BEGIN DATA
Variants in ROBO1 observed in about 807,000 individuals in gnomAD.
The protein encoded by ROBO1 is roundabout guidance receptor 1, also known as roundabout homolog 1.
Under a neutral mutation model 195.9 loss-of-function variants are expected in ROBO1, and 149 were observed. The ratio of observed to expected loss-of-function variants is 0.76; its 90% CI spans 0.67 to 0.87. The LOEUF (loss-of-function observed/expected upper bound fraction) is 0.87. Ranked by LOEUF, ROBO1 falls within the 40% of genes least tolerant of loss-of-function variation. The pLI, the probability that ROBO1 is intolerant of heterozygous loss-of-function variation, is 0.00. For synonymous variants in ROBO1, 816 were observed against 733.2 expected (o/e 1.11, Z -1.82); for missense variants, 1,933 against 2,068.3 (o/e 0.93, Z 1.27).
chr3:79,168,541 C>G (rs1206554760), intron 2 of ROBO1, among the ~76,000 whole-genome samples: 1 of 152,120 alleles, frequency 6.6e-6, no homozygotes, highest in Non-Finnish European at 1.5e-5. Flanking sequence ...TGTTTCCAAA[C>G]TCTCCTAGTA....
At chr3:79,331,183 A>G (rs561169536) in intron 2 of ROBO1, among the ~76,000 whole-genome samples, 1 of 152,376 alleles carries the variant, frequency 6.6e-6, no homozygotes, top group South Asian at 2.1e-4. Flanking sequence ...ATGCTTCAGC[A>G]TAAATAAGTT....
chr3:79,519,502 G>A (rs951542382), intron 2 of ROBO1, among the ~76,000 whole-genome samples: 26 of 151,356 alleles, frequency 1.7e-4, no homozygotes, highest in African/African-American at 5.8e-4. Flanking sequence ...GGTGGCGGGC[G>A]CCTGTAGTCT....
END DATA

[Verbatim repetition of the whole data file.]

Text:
Variants in ROBO1 observed in about 807,000 individuals in gnomAD.
The protein encoded by ROBO1 is roundabout guidance receptor 1, also known as roundabout homolog 1.
Under a neutral mutation model 195.9 loss-of-function variants are expected in ROBO1, and 149 were observed. The ratio of observed to expected loss-of-function variants is 0.76; its 90% CI spans 0.67 to 0.87. The LOEUF (loss-of-function observed/expected upper bound fraction) is 0.87. Ranked by LOEUF, ROBO1 falls within the 40% of genes least tolerant of loss-of-function variation. The pLI, the probability that ROBO1 is intolerant of heterozygous loss-of-function variation, is 0.00. For synonymous variants in ROBO1, 816 were observed against 733.2 expected (o/e 1.11, Z -1.82); for missense variants, 1,933 against 2,068.3 (o/e 0.93, Z 1.27).
chr3:79,168,541 C>G (rs1206554760), intron 2 of ROBO1, among the ~76,000 whole-genome samples: 1 of 152,120 alleles, frequency 6.6e-6, no homozygotes, highest in Non-Finnish European at 1.5e-5. Flanking sequence ...TGTTTCCAAA[C>G]TCTCCTAGTA....
At chr3:79,331,183 A>G (rs561169536) in intron 2 of ROBO1, among the ~76,000 whole-genome samples, 1 of 152,376 alleles carries the variant, frequency 6.6e-6, no homozygotes, top group South Asian at 2.1e-4. Flanking sequence ...ATGCTTCAGC[A>G]TAAATAAGTT....
chr3:79,519,502 G>A (rs951542382), intron 2 of ROBO1, among the ~76,000 whole-genome samples: 26 of 151,356 alleles, frequency 1.7e-4, no homozygotes, highest in African/African-American at 5.8e-4. Flanking sequence ...GGTGGCGGGC[G>A]CCTGTAGTCT....